Bringing it to a close

If you have made it this far without having just jumped to the end as if this were a whodunnit mystery book you should have what I consider to be the full set of skills required to program complex web systems in PHP. In this book we have covered quite a variety of topics, and your average programmer will be fluent in about 60% - some like to make extensions, others like to make GUIs, and yet more seem to be happy enough having memorised all the possible parameters for the date() function. Having given you all of the above plus a lot more, I hope you will be able to make your own way in the PHP world.

Above and beyond knowing just how to program PHP code, I hope you have learnt more about what it means to be a programmer - how to discuss PHP with your boss and your team mates, how to design and deploy solutions you create, how to take into account cross-platform problems, and also how to find problems in your code and fix them easily.

From a technical point of view, we've gone from the very start to the very end of PHP programming, covering nearly everything along the way. I have tried to structure this book so as to maximise its use as a reference guide, and on occasion this has meant things appearing slightly out of the order I would otherwise have wanted - hopefully this hasn't caused you any problems.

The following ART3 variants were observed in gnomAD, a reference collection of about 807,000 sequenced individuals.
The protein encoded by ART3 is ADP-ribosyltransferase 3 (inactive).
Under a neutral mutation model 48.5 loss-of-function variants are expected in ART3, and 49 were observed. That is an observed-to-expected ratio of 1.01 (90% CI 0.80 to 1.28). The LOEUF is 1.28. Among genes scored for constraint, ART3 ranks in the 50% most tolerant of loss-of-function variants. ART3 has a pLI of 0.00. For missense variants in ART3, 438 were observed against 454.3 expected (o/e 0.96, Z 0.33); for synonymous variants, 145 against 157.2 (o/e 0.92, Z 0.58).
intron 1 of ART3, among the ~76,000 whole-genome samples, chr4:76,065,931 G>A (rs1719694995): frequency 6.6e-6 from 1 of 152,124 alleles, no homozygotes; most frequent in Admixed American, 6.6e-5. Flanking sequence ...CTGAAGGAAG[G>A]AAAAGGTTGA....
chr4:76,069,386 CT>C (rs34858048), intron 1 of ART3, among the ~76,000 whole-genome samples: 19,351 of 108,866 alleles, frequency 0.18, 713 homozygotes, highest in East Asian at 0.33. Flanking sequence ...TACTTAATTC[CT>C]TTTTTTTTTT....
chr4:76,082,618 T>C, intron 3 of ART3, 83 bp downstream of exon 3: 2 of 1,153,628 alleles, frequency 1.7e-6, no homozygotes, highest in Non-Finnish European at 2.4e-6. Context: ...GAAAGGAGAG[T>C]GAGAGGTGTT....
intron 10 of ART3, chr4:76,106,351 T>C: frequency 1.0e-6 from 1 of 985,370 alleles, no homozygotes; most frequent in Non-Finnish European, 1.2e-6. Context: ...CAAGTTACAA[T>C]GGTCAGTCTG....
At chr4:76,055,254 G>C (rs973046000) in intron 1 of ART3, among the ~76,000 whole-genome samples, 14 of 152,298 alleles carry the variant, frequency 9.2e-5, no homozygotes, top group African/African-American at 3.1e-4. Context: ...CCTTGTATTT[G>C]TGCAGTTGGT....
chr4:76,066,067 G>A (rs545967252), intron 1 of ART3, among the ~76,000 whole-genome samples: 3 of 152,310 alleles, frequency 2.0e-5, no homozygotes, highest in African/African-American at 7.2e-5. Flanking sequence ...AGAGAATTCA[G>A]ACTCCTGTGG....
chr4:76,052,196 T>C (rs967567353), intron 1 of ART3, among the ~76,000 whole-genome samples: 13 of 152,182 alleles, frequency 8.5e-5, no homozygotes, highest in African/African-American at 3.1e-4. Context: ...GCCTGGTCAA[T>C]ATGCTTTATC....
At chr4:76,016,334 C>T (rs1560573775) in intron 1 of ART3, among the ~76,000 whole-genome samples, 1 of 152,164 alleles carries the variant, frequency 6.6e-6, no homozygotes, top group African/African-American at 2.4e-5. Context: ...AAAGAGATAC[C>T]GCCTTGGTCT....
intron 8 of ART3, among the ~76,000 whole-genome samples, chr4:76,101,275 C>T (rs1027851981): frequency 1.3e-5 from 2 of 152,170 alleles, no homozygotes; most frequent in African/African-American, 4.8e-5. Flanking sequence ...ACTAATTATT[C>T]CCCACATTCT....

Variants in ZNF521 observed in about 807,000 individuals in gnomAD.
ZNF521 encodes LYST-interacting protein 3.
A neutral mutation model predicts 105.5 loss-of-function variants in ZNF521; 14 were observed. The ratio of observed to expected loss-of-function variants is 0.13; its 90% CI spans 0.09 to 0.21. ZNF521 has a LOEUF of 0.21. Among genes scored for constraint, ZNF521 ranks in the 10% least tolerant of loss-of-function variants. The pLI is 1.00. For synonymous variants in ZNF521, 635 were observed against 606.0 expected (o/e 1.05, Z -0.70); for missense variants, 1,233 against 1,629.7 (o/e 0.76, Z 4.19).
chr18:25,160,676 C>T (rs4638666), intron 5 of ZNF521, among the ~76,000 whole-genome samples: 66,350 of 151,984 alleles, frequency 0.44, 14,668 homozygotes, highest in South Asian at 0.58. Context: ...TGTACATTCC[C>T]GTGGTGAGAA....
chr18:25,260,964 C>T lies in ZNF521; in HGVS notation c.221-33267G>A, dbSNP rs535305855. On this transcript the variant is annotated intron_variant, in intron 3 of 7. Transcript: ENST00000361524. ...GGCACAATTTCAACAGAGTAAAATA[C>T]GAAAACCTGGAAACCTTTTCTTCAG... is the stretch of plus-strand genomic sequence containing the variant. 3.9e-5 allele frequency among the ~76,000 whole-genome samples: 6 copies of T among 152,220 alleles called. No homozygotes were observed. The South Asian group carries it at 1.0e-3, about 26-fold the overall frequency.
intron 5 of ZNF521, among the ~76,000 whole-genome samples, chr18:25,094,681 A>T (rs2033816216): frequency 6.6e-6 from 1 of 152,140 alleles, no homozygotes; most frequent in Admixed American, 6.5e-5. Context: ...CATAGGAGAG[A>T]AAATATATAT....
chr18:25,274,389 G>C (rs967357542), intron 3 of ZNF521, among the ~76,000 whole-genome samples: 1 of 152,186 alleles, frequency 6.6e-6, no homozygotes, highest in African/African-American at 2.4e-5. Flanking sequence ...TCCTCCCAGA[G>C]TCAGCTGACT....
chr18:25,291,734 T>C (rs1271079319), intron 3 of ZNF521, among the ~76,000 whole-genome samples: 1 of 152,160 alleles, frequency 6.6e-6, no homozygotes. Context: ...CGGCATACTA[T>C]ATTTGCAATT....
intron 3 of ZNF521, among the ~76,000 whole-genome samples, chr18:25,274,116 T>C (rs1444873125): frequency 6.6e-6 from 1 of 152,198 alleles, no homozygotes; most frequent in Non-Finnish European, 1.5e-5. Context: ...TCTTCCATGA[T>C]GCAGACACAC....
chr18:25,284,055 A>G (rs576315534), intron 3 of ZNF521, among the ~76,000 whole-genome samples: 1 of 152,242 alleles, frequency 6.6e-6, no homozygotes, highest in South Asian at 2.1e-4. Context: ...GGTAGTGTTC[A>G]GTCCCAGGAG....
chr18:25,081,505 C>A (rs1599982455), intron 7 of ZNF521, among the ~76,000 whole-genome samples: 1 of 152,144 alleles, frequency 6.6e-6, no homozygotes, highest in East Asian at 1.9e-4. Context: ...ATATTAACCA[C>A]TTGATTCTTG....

The chapter on databases was hopefully detailed enough for all readers. Yes, I did not cover any detail on PostgreSQL, Oracle, or MS SQL Server, but proportionately these are used a great deal less than MySQL and PEAR::DB with PHP - perhaps this can be rectified in a future version, if enough people write in requesting it.

If you read the chapters on alternative uses for PHP and thought they did not apply to you, please read them again - it is quite important to get to grips with the CLI SAPI as it can be a very helpful debugging and prototyping tool. I use the CLIP SAPI all the time when I just want to check something out, or if I want to get more detailed debugging information than would otherwise be available working through a web browser.

Finally, I hope I have inspired you to go out and learn more about PHP programming for yourself. The various sources I have cited that made up this book are real tomes of knowledge that I hope will grace your bookshelves before long - even the ones that concern software design and project management. It is not like I make any cash by recommending these books - I recommend them because I firmly believe they will increase your learning and make you a better programmer.

So, all that is left for me to do now is to thank you for reading this book - there are dozens of PHP learning books and tutorials out there, and I am flattered you chose mine. If you find errors in the text or code presented here, please do write in and let us know so that we can post fixes online for everyone else. Furthermore, if you have suggestions about how this book can be revised or improved in the future, we would love to hear from you also.

Good luck in your programming!


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